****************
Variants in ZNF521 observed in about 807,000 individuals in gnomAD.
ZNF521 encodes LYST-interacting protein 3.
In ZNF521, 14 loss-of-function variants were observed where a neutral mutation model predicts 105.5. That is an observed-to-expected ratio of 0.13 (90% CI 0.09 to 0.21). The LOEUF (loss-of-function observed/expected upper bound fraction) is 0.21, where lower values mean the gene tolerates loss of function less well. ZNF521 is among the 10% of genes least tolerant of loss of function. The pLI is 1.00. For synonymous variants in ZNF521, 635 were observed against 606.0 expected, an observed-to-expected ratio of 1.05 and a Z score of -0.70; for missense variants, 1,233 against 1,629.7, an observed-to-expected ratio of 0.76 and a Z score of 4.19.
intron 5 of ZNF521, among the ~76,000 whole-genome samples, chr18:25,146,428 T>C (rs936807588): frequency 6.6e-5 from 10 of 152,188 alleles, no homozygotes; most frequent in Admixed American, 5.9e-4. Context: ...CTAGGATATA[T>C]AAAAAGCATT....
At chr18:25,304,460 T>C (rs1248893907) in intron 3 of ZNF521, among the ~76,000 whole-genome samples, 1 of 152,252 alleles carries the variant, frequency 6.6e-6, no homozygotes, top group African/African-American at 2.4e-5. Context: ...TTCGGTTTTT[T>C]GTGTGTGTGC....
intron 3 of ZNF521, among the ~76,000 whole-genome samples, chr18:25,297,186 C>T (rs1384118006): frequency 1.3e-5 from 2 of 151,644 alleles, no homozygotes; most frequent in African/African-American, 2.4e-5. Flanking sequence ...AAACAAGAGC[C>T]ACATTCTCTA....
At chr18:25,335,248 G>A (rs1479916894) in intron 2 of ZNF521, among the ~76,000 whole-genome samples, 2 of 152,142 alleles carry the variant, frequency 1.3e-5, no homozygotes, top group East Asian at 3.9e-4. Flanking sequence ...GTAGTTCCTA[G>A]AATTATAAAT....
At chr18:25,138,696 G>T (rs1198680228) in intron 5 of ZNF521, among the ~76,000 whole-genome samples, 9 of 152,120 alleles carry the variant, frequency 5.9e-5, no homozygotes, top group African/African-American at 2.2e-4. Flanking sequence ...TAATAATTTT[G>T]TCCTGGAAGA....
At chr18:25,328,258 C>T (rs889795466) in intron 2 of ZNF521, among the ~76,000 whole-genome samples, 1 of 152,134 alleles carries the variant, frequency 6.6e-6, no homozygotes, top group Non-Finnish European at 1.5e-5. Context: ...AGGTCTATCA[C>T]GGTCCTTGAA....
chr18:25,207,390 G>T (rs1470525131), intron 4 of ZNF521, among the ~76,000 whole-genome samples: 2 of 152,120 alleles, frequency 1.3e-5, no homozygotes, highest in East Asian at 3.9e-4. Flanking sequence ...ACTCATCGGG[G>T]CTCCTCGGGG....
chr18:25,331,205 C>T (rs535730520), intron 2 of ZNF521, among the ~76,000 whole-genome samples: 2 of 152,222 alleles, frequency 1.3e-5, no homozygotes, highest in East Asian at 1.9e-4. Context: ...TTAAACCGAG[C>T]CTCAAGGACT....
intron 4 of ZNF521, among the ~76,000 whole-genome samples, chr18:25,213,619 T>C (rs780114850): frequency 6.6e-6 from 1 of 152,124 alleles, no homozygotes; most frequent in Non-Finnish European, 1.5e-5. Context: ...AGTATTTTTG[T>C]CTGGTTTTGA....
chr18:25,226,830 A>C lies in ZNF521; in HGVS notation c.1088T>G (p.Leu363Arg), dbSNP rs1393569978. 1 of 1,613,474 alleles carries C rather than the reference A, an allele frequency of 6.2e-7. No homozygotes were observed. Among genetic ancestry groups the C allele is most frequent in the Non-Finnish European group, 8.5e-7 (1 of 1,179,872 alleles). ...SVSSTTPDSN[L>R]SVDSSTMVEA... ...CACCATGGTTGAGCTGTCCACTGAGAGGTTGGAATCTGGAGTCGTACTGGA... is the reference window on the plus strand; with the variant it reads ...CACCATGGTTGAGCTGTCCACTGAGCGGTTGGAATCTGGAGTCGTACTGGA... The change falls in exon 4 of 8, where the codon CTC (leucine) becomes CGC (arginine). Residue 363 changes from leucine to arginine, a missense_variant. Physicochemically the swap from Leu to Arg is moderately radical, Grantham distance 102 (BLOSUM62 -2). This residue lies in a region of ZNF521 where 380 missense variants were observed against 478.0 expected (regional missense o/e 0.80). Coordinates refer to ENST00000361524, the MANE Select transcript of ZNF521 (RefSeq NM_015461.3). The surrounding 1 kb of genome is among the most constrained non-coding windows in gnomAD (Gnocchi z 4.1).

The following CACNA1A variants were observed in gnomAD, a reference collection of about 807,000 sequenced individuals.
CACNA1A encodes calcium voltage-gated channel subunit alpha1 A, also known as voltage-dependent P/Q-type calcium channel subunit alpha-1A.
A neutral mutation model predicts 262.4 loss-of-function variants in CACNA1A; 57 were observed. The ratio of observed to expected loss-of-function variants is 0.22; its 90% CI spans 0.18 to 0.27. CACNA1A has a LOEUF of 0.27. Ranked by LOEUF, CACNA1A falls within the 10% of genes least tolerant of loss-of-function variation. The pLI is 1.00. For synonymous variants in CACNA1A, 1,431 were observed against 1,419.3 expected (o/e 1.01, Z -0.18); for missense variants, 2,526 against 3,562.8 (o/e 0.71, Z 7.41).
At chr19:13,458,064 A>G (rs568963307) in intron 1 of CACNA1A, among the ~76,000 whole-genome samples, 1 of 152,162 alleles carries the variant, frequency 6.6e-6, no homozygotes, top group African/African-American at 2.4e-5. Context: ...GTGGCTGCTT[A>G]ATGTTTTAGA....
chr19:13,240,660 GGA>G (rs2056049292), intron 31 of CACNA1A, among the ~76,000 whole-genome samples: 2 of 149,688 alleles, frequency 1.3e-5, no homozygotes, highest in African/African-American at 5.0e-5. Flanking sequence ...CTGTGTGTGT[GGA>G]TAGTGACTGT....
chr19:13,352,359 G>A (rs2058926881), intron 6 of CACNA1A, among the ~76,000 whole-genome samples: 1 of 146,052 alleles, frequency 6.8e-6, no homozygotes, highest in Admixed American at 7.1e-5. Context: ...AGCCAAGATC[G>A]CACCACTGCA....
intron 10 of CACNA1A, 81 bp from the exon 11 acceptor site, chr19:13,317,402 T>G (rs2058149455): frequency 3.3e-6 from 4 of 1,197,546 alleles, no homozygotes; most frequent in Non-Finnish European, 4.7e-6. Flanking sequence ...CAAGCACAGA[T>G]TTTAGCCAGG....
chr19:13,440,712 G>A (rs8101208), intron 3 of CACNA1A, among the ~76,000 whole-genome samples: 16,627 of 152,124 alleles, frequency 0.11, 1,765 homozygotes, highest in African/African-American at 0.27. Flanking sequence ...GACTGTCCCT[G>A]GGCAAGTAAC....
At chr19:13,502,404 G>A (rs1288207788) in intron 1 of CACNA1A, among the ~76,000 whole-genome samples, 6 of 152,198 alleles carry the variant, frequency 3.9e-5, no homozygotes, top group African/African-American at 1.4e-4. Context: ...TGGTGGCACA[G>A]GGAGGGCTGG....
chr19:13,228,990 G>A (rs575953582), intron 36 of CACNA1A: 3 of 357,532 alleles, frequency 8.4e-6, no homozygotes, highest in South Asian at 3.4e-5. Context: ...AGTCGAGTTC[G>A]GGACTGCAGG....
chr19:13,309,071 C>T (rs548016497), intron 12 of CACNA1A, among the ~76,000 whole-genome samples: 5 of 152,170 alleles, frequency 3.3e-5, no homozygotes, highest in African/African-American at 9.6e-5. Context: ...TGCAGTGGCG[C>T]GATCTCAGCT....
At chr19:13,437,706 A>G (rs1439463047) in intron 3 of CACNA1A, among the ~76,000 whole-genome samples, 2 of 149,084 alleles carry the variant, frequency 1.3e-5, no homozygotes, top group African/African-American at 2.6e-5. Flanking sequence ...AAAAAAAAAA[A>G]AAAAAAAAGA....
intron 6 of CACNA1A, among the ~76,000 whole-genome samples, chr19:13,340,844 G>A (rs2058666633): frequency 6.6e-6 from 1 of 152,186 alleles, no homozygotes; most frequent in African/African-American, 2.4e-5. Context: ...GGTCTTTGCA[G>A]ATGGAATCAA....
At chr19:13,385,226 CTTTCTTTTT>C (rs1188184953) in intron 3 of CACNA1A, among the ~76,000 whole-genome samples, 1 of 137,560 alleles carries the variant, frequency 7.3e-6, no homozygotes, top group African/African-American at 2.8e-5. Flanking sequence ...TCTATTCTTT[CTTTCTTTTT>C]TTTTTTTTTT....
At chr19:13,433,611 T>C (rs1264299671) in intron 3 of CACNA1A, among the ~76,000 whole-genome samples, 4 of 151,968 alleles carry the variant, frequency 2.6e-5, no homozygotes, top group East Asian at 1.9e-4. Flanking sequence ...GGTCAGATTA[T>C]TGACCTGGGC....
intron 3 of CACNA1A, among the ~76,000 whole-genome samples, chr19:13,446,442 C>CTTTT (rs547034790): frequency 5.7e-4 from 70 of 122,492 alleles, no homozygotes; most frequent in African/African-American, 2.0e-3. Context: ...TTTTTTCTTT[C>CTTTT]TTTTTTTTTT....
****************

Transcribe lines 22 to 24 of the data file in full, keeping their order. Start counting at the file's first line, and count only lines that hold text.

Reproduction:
At chr19:13,502,404 G>A (rs1288207788) in intron 1 of CACNA1A, among the ~76,000 whole-genome samples, 6 of 152,198 alleles carry the variant, frequency 3.9e-5, no homozygotes, top group African/African-American at 1.4e-4. Context: ...TGGTGGCACA[G>A]GGAGGGCTGG....
chr19:13,228,990 G>A (rs575953582), intron 36 of CACNA1A: 3 of 357,532 alleles, frequency 8.4e-6, no homozygotes, highest in South Asian at 3.4e-5. Context: ...AGTCGAGTTC[G>A]GGACTGCAGG....
chr19:13,309,071 C>T (rs548016497), intron 12 of CACNA1A, among the ~76,000 whole-genome samples: 5 of 152,170 alleles, frequency 3.3e-5, no homozygotes, highest in African/African-American at 9.6e-5. Context: ...TGCAGTGGCG[C>T]GATCTCAGCT....